Well, yes… and no. Extensive research by the APC in Victoria and Dr Tom Grant in NSW has shown that inserting an escape hatch in the roof of an opera house trap does result in a safer trap. However, the findings also indicate that a percentage of the platypus entering modified traps are still likely to drown because they fail to find the exit in time. So, while traps fitted with an escape hatch are less dangerous for wildlife than the current design, it’s wrong to conclude that modified traps are 100% platypus-friendly.
MYTH 10. The opera house trap problem can be solved through public education
Well, yes… and no. Trap-related deaths could undoubtedly be reduced through better public awareness of the risk that enclosed yabby traps pose to wildlife, along with better knowledge about where traps can and can’t be legally set. It would also be a big help if the relevant rules in different states and territories could be brought into line with each other. At the same time, it’s important to recognise that community education is never going to be a complete solution. Some persons (such as children) may not even know that fishing regulations apply, other persons may have heard about the issue but fail to understand the practical detail, and still others may choose to always put their own interests above those of wildlife.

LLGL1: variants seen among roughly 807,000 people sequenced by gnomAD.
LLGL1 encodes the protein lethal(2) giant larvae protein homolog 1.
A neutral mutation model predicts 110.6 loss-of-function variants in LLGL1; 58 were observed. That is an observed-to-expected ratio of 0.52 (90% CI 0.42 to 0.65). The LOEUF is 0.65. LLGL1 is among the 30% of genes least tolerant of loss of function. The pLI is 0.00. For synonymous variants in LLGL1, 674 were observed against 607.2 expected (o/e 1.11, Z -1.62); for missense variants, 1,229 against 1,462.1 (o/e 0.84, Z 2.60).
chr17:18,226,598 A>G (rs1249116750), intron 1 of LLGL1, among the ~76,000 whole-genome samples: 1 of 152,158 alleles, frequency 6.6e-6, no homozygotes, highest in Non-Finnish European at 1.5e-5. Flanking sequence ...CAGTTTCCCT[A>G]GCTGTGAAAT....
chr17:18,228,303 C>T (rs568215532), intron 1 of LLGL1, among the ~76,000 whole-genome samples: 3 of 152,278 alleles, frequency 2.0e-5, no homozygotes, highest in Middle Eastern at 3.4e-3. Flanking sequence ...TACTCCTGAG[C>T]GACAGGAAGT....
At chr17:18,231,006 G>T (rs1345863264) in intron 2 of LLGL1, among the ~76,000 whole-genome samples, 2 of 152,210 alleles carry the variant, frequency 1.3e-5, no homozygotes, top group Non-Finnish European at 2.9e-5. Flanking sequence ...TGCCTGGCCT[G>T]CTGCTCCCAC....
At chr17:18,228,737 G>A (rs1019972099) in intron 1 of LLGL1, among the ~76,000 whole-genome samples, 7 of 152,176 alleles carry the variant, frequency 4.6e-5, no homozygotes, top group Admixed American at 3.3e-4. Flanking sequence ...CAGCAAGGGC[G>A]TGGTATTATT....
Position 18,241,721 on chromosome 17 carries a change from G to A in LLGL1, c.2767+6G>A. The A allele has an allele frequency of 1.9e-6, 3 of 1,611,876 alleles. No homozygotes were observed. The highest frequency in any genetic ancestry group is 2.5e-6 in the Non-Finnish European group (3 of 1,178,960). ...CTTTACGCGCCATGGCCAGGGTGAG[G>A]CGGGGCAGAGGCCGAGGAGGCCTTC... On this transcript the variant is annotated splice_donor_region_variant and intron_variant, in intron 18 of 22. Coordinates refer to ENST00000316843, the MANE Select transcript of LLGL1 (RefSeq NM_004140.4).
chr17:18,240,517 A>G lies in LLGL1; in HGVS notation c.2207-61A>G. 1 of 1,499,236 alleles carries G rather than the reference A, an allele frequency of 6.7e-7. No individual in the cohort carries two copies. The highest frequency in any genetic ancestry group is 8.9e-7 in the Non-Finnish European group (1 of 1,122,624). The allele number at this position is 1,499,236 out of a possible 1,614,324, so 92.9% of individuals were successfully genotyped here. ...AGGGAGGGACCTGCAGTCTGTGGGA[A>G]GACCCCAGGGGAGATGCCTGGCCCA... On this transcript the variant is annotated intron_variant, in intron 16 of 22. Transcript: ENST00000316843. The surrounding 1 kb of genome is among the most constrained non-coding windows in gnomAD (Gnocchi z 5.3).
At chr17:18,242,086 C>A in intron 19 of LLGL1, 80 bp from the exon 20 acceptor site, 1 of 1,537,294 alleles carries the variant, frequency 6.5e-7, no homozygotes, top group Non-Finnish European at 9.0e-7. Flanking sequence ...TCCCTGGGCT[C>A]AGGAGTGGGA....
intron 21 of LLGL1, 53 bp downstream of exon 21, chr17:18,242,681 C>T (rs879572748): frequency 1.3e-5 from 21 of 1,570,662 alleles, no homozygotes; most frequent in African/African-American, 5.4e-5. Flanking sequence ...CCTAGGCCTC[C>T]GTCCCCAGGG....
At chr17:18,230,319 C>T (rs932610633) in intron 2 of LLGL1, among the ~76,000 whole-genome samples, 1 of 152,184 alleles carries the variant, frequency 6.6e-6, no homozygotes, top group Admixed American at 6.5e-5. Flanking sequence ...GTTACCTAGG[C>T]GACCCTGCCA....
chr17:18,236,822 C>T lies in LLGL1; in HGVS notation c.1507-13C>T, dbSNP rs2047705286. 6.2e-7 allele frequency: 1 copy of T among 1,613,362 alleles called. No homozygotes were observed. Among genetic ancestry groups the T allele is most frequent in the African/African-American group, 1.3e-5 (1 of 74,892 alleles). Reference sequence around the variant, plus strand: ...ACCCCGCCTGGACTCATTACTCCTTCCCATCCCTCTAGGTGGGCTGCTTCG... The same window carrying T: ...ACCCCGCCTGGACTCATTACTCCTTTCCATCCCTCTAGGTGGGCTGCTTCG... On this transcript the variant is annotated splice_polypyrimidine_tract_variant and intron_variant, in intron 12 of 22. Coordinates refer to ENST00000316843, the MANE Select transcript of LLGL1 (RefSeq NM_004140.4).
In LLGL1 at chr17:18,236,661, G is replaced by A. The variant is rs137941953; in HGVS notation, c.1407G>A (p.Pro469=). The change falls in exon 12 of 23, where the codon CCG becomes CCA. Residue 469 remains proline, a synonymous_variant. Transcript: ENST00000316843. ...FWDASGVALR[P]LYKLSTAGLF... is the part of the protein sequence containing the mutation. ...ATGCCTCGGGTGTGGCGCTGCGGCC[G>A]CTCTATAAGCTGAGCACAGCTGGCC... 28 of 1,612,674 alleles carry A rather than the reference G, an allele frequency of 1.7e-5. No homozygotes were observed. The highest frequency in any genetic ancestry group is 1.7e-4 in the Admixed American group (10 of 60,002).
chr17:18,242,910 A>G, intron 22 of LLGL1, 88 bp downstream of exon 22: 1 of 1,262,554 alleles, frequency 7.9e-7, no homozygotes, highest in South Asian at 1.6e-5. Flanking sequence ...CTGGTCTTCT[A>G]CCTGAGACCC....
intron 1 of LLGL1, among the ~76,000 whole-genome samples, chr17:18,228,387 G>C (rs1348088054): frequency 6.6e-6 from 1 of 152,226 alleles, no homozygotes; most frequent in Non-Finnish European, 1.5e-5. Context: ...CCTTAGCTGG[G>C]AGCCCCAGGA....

We conclude that banning use of opera house traps (and other enclosed designs) is by far the best option to protect wildlife, especially as safe and perfectly workable alternatives (such as folding or fixed-wall lift nets) are available to catch yabbies.